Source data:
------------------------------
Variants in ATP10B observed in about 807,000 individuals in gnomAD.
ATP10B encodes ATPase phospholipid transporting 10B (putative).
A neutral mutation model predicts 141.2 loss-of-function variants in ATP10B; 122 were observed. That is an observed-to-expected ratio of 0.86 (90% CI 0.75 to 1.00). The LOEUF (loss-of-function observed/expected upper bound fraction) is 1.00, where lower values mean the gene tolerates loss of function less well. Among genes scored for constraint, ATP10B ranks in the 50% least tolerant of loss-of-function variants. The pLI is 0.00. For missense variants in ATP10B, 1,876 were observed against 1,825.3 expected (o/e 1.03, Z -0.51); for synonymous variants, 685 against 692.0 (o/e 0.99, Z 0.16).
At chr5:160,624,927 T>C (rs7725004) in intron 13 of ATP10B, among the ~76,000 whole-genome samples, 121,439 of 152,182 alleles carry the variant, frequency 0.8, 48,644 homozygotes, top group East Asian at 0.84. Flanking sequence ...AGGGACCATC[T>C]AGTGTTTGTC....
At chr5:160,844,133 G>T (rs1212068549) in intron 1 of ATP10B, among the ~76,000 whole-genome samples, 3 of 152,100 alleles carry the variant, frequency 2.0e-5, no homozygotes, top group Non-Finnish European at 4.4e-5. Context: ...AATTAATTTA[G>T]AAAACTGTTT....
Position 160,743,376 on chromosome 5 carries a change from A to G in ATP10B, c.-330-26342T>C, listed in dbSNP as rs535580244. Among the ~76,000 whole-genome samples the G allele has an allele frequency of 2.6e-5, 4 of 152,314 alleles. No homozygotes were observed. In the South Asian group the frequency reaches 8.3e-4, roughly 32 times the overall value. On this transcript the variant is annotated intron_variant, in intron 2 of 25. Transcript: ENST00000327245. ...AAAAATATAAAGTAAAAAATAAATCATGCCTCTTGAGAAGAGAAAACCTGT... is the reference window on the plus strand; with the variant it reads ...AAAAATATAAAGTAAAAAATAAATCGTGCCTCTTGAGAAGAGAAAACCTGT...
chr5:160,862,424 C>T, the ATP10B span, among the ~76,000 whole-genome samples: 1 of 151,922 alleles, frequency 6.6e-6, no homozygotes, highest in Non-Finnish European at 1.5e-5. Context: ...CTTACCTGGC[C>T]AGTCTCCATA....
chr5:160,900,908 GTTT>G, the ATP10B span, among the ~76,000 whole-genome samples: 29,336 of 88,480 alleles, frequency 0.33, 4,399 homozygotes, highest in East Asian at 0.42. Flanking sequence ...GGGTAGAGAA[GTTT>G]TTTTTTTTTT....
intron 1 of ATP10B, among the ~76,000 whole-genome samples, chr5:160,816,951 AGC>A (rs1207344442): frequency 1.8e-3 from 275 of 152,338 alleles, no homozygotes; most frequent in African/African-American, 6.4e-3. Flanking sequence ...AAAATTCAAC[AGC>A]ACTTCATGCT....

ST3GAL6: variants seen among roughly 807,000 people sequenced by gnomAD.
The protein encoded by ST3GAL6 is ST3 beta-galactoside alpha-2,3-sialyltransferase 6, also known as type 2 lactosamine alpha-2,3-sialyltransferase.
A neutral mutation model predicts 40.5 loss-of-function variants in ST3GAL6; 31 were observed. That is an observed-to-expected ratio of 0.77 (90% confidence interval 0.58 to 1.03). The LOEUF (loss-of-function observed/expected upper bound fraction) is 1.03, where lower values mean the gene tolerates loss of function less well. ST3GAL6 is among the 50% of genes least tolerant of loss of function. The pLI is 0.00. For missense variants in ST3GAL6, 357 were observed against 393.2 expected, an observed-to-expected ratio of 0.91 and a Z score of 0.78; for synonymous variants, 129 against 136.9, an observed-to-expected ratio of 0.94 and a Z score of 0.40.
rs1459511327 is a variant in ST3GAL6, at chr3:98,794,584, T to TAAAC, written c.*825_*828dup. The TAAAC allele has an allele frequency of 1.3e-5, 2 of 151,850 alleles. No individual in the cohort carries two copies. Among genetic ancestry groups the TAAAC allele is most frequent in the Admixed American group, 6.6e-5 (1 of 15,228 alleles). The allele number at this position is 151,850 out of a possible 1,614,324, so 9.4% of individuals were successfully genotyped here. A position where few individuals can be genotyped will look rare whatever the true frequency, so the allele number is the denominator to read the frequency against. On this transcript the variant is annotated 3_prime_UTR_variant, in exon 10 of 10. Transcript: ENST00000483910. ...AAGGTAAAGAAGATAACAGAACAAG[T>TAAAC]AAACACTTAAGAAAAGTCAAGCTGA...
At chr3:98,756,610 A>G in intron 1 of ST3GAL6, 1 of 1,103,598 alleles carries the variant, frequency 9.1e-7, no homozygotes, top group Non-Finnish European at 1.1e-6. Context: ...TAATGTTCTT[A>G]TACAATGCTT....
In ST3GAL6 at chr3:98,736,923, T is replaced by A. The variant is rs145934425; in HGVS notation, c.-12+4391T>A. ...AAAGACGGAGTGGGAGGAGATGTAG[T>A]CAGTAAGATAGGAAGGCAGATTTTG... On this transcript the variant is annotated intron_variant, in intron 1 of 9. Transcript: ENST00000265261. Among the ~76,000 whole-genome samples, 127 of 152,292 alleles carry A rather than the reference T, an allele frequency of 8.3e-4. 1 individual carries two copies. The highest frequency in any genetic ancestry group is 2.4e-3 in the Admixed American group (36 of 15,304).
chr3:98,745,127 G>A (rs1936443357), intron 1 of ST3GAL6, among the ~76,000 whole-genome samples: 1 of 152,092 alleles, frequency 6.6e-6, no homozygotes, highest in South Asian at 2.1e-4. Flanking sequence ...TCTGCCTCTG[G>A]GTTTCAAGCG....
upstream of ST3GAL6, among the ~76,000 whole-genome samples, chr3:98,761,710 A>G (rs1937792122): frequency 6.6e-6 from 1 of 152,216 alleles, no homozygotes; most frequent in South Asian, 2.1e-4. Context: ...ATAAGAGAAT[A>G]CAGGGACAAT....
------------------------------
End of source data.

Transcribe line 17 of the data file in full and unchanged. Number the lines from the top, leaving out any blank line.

upstream of ST3GAL6, among the ~76,000 whole-genome samples, chr3:98,761,710 A>G (rs1937792122): frequency 6.6e-6 from 1 of 152,216 alleles, no homozygotes; most frequent in South Asian, 2.1e-4. Context: ...ATAAGAGAAT[A>G]CAGGGACAAT....